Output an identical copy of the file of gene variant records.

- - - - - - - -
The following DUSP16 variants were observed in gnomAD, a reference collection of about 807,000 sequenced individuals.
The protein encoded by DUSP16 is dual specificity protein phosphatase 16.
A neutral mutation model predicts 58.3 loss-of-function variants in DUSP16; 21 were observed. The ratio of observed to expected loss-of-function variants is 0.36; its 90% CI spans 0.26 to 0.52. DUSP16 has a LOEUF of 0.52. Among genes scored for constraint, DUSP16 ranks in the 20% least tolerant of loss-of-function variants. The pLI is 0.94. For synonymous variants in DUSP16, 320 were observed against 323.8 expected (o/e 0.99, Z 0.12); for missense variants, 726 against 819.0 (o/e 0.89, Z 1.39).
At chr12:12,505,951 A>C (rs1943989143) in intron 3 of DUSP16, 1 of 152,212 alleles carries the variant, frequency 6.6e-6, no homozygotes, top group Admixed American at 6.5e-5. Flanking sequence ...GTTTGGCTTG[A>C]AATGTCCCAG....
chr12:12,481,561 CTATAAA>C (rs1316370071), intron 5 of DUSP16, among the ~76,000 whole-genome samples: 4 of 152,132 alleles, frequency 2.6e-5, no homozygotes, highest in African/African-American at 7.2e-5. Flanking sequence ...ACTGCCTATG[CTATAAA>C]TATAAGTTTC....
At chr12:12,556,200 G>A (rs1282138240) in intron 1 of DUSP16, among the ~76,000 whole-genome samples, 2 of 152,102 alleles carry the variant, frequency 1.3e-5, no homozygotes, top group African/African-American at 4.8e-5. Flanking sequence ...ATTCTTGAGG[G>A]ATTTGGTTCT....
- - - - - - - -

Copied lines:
The following DUSP16 variants were observed in gnomAD, a reference collection of about 807,000 sequenced individuals.
The protein encoded by DUSP16 is dual specificity protein phosphatase 16.
A neutral mutation model predicts 58.3 loss-of-function variants in DUSP16; 21 were observed. The ratio of observed to expected loss-of-function variants is 0.36; its 90% CI spans 0.26 to 0.52. DUSP16 has a LOEUF of 0.52. Among genes scored for constraint, DUSP16 ranks in the 20% least tolerant of loss-of-function variants. The pLI is 0.94. For synonymous variants in DUSP16, 320 were observed against 323.8 expected (o/e 0.99, Z 0.12); for missense variants, 726 against 819.0 (o/e 0.89, Z 1.39).
At chr12:12,505,951 A>C (rs1943989143) in intron 3 of DUSP16, 1 of 152,212 alleles carries the variant, frequency 6.6e-6, no homozygotes, top group Admixed American at 6.5e-5. Flanking sequence ...GTTTGGCTTG[A>C]AATGTCCCAG....
chr12:12,481,561 CTATAAA>C (rs1316370071), intron 5 of DUSP16, among the ~76,000 whole-genome samples: 4 of 152,132 alleles, frequency 2.6e-5, no homozygotes, highest in African/African-American at 7.2e-5. Flanking sequence ...ACTGCCTATG[CTATAAA>C]TATAAGTTTC....
At chr12:12,556,200 G>A (rs1282138240) in intron 1 of DUSP16, among the ~76,000 whole-genome samples, 2 of 152,102 alleles carry the variant, frequency 1.3e-5, no homozygotes, top group African/African-American at 4.8e-5. Flanking sequence ...ATTCTTGAGG[G>A]ATTTGGTTCT....